Historical Stringed Instrument Business, Environmental Education Programs and American Agricultural Conservation Gardens

In this edition of the magazine's regular "Profiles" feature examines a historical stringed instrument business, an environmental education program in schools and the establishment of the American Agricultural Conservation Gardens.


| July/August 1982



076-140-01

The artisans work with spruce and maple that has air-dried for seven years, and put in painstaking hours shaping each part to perfection.


PHOTO: MOTHER EARTH NEWS STAFF

In celebration of little-known MOTHER EARTH NEWS-type folks from all over, including a historical stringed instrument business, environmental education program for schools and establishing the American Agricultural Conservation Gardens. 

JERRY AND PAULA WOMACKS: HISTORICAL STRINGED INSTRUMENT BUSINESS

Working out of an old farmhouse in Yellow Springs, Ohio, Paula and Jerry Womacks have been making a living—for the past five years—by creating and repairing, historical stringed instruments. The Womacks, who are both skillful musicians (Paula plays the banjo and Jerry the fiddle), first became aware of the need for instrument-makers during the mid-1970's . . . and they determined to learn the trade themselves.

The couple studied under George Kelischek, a master violin-maker from Germany, until they were confident enough to set up a workshop of their own. Their business opened with the introduction of a variety of made-to-order leg viols (violas da gamba), fashioned according to the craft traditions of the seventeenth and eighteenth centuries (the Womacks are now gearing up to include handmade violins in their inventory, as well). In addition, they decided to take in stringed instruments for repair . . . and, instead of limiting sales to custom-built viols, began creating about half of their stock in advance.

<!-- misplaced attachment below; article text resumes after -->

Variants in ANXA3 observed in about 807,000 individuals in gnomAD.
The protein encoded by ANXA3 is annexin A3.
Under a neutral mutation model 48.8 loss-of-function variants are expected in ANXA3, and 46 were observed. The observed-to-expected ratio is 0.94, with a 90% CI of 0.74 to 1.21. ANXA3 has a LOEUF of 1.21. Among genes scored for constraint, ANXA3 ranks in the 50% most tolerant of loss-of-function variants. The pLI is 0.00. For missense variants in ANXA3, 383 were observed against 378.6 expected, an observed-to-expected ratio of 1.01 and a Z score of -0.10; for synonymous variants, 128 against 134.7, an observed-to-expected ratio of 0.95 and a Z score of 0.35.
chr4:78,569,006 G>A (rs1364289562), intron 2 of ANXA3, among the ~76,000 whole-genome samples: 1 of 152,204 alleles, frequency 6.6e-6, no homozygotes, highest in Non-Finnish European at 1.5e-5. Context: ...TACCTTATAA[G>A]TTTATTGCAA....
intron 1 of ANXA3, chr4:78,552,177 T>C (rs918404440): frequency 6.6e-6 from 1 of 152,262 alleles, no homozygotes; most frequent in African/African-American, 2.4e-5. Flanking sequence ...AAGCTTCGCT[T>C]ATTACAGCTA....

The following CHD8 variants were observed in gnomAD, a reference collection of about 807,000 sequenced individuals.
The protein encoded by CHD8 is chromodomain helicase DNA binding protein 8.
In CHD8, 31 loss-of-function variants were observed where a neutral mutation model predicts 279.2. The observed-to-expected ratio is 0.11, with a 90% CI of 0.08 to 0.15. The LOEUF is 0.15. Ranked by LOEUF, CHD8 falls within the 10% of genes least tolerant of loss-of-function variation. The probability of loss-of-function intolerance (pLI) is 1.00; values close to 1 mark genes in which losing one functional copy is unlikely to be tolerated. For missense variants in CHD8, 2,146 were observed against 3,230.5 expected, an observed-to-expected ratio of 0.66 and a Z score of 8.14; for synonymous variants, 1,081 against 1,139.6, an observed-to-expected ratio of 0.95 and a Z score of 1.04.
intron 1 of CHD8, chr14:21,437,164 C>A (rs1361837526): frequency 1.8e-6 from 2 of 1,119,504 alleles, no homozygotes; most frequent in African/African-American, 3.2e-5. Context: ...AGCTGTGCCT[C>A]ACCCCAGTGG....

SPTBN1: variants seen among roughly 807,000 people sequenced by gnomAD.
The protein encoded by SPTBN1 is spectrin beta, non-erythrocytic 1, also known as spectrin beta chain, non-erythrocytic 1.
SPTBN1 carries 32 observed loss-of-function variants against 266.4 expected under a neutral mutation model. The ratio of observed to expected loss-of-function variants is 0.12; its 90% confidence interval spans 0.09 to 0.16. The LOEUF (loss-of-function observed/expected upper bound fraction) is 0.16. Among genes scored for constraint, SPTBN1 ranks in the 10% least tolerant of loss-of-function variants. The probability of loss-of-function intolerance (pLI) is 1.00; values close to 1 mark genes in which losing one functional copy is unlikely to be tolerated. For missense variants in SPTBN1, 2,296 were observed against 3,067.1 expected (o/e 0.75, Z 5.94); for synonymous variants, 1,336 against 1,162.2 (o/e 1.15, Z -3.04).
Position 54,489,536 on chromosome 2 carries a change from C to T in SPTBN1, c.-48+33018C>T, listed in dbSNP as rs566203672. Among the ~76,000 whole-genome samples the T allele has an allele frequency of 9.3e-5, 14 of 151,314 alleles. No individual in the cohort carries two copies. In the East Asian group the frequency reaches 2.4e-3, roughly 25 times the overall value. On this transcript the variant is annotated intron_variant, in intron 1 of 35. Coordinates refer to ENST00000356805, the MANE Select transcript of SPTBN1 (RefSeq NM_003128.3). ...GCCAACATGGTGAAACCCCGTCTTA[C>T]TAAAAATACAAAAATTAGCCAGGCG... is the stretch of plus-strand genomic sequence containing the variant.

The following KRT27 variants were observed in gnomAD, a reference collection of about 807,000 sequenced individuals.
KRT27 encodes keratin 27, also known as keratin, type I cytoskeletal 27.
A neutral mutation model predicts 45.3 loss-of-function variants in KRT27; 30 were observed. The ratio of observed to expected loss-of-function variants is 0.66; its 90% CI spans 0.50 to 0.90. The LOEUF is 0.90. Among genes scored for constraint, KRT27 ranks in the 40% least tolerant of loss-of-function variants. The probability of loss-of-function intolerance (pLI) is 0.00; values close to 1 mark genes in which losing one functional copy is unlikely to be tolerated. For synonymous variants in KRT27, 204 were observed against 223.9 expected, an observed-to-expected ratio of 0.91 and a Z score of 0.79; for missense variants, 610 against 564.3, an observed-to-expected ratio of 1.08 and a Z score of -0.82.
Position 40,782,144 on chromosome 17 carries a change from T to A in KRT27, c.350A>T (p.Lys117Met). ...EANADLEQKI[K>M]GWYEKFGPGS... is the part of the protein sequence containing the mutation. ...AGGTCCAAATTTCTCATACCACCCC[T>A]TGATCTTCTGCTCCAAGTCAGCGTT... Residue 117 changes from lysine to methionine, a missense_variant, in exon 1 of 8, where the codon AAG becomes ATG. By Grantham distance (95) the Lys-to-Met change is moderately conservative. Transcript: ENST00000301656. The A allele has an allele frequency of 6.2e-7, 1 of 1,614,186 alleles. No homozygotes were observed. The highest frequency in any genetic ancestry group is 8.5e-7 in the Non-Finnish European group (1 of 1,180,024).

Jerry and Paula have always been careful to use only the finest materials in their craft, and to spend whatever time is necessary to do every job right. The artisans work with spruce and maple that has air-dried for seven years, and put in painstaking hours shaping each part to perfection.

A single instrument can take from one to three months to build ... therefore, it should come as no surprise that the seven different types of viols the Womacks make range in price from $1,300 to $3,000 apiece. (Their violins will sell for about $1,200 each.) "Financially," says Paula, "we squeak by in the winter—after Christ mas and before taxes—and do pretty well in the summer." But the Womacks feel good about what they're doing (in fat times and lean ones) and that satisfaction, they attest, is worth a lot!—Doug Walker. 

THE CORE FAMILY: AMERICAN AGRICULTURAL CONSERVATION GARDENS

When Connecticut attorney Samuel H. Coxe passed away on March 8, 1981, his family—wife Ruth and sons Samuel and Stanislaus—pooled their efforts to realize a dream that he had originally conceived in 1964. In the summer of 1981 the Coxes established the American Agricultural Conservation Gardens (AACG), a nonprofit educational service dedicated to recovering and preserving what have come to be called the four health freedoms: freedom to buy fresh foods devoid of pesticide poisons . . . freedom to buy prepared foods without artificial preservatives . . . freedom for babies to receive mother's milk instead of substitutes and supplements . . . and freedom from irresponsible government endorsement of the indiscriminate use of drugs.





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